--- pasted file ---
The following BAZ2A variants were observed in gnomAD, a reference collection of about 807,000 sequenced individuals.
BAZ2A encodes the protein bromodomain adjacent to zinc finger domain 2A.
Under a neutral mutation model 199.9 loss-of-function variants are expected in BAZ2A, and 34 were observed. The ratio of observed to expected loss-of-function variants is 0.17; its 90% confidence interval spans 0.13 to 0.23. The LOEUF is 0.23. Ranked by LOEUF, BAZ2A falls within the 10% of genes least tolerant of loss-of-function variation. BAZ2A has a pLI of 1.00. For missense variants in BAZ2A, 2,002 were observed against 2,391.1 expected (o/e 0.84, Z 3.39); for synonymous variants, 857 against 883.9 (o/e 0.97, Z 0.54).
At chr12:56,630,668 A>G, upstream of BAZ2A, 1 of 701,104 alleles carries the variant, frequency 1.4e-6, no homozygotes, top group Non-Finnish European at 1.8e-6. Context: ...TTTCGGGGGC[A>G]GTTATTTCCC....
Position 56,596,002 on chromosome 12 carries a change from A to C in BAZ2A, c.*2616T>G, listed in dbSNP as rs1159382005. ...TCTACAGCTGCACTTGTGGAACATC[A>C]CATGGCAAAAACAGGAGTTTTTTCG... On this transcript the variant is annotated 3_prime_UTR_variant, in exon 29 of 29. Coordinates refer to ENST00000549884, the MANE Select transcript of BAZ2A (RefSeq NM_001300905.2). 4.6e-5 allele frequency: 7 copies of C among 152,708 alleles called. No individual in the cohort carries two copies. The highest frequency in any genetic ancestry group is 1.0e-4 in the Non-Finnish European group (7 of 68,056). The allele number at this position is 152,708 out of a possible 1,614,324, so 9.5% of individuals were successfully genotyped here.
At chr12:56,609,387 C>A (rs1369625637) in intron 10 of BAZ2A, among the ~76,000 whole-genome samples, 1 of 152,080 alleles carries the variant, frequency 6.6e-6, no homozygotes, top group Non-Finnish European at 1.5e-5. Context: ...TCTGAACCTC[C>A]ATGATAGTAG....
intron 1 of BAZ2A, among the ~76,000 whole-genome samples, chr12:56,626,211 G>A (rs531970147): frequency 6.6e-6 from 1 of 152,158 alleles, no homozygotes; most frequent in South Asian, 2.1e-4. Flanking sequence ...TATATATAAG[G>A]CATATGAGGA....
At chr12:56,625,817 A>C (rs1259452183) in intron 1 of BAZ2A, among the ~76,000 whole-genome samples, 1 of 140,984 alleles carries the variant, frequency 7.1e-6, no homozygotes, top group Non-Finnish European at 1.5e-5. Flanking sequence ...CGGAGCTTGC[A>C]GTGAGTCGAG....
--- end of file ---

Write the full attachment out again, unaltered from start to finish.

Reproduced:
The following BAZ2A variants were observed in gnomAD, a reference collection of about 807,000 sequenced individuals.
BAZ2A encodes the protein bromodomain adjacent to zinc finger domain 2A.
Under a neutral mutation model 199.9 loss-of-function variants are expected in BAZ2A, and 34 were observed. The ratio of observed to expected loss-of-function variants is 0.17; its 90% confidence interval spans 0.13 to 0.23. The LOEUF is 0.23. Ranked by LOEUF, BAZ2A falls within the 10% of genes least tolerant of loss-of-function variation. BAZ2A has a pLI of 1.00. For missense variants in BAZ2A, 2,002 were observed against 2,391.1 expected (o/e 0.84, Z 3.39); for synonymous variants, 857 against 883.9 (o/e 0.97, Z 0.54).
At chr12:56,630,668 A>G, upstream of BAZ2A, 1 of 701,104 alleles carries the variant, frequency 1.4e-6, no homozygotes, top group Non-Finnish European at 1.8e-6. Context: ...TTTCGGGGGC[A>G]GTTATTTCCC....
Position 56,596,002 on chromosome 12 carries a change from A to C in BAZ2A, c.*2616T>G, listed in dbSNP as rs1159382005. ...TCTACAGCTGCACTTGTGGAACATC[A>C]CATGGCAAAAACAGGAGTTTTTTCG... On this transcript the variant is annotated 3_prime_UTR_variant, in exon 29 of 29. Coordinates refer to ENST00000549884, the MANE Select transcript of BAZ2A (RefSeq NM_001300905.2). 4.6e-5 allele frequency: 7 copies of C among 152,708 alleles called. No individual in the cohort carries two copies. The highest frequency in any genetic ancestry group is 1.0e-4 in the Non-Finnish European group (7 of 68,056). The allele number at this position is 152,708 out of a possible 1,614,324, so 9.5% of individuals were successfully genotyped here.
At chr12:56,609,387 C>A (rs1369625637) in intron 10 of BAZ2A, among the ~76,000 whole-genome samples, 1 of 152,080 alleles carries the variant, frequency 6.6e-6, no homozygotes, top group Non-Finnish European at 1.5e-5. Context: ...TCTGAACCTC[C>A]ATGATAGTAG....
intron 1 of BAZ2A, among the ~76,000 whole-genome samples, chr12:56,626,211 G>A (rs531970147): frequency 6.6e-6 from 1 of 152,158 alleles, no homozygotes; most frequent in South Asian, 2.1e-4. Flanking sequence ...TATATATAAG[G>A]CATATGAGGA....
At chr12:56,625,817 A>C (rs1259452183) in intron 1 of BAZ2A, among the ~76,000 whole-genome samples, 1 of 140,984 alleles carries the variant, frequency 7.1e-6, no homozygotes, top group Non-Finnish European at 1.5e-5. Flanking sequence ...CGGAGCTTGC[A>C]GTGAGTCGAG....